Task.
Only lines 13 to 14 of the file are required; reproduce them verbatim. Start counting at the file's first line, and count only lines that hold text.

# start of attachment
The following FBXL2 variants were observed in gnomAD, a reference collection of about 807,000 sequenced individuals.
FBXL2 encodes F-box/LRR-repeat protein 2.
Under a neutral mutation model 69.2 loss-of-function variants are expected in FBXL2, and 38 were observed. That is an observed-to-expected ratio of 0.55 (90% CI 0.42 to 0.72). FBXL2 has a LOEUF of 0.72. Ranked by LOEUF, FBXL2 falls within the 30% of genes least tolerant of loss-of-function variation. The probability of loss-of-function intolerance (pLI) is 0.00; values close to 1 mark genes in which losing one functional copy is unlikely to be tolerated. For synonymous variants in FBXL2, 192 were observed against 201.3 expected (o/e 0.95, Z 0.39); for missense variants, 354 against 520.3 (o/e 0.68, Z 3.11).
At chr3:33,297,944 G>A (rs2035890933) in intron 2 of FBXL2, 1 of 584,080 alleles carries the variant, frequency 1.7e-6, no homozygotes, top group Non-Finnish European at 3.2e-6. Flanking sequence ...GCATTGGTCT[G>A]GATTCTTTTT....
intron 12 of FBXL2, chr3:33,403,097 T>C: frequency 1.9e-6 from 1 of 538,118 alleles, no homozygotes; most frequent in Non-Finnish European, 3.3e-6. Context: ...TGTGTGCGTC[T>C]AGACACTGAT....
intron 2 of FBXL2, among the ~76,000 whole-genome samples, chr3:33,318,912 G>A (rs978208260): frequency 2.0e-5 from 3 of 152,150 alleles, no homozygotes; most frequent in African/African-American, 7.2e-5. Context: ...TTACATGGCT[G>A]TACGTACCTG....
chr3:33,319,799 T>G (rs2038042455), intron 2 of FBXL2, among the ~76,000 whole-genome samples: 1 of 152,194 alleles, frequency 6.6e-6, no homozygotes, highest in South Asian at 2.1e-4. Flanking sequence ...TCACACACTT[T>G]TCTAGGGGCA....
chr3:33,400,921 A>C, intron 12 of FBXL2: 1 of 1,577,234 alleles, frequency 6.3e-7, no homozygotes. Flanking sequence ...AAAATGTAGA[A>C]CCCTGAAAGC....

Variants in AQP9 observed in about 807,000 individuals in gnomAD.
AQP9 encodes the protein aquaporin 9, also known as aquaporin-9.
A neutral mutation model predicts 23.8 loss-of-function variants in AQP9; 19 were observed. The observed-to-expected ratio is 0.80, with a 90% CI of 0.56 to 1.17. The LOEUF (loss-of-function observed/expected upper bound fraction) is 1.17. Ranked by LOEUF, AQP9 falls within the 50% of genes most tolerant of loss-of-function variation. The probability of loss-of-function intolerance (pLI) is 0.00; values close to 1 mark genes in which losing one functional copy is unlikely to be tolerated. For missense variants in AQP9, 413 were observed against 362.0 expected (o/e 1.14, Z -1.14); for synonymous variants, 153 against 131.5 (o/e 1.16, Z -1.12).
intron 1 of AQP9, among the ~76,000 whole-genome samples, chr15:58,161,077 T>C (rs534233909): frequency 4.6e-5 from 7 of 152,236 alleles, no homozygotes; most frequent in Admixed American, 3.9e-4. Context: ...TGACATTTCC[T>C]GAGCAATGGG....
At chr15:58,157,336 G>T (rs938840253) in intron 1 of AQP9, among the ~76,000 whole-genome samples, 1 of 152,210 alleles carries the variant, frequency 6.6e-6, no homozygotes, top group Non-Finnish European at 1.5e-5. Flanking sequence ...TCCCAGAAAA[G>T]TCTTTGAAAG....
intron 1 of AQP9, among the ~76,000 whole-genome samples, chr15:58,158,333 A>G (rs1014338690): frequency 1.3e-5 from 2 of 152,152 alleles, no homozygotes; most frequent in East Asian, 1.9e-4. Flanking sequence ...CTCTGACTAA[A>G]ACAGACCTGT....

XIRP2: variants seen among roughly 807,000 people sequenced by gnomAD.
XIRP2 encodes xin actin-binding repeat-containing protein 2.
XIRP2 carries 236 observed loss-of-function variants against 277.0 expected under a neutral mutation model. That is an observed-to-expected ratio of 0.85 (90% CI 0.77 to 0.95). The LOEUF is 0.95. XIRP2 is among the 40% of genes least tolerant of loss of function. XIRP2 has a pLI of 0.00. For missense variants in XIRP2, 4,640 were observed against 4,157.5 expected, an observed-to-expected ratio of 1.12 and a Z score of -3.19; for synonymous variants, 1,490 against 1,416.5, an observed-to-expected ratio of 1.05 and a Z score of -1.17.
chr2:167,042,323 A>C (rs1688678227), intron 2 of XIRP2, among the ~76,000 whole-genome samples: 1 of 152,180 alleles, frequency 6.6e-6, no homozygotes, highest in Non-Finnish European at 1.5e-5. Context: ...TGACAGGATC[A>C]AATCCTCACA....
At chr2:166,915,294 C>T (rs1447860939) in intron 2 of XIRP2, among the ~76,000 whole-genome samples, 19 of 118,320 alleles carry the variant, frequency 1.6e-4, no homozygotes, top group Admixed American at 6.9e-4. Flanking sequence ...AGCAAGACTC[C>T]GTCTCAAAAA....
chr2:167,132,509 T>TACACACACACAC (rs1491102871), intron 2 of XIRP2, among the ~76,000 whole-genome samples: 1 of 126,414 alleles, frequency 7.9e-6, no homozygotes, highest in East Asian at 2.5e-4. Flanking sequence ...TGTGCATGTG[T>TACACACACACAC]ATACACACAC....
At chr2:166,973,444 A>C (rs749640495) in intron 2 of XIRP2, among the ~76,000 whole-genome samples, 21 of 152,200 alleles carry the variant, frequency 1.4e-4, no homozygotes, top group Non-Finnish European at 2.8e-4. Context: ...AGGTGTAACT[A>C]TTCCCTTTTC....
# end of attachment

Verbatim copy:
At chr15:58,157,336 G>T (rs938840253) in intron 1 of AQP9, among the ~76,000 whole-genome samples, 1 of 152,210 alleles carries the variant, frequency 6.6e-6, no homozygotes, top group Non-Finnish European at 1.5e-5. Flanking sequence ...TCCCAGAAAA[G>T]TCTTTGAAAG....
intron 1 of AQP9, among the ~76,000 whole-genome samples, chr15:58,158,333 A>G (rs1014338690): frequency 1.3e-5 from 2 of 152,152 alleles, no homozygotes; most frequent in East Asian, 1.9e-4. Flanking sequence ...CTCTGACTAA[A>G]ACAGACCTGT....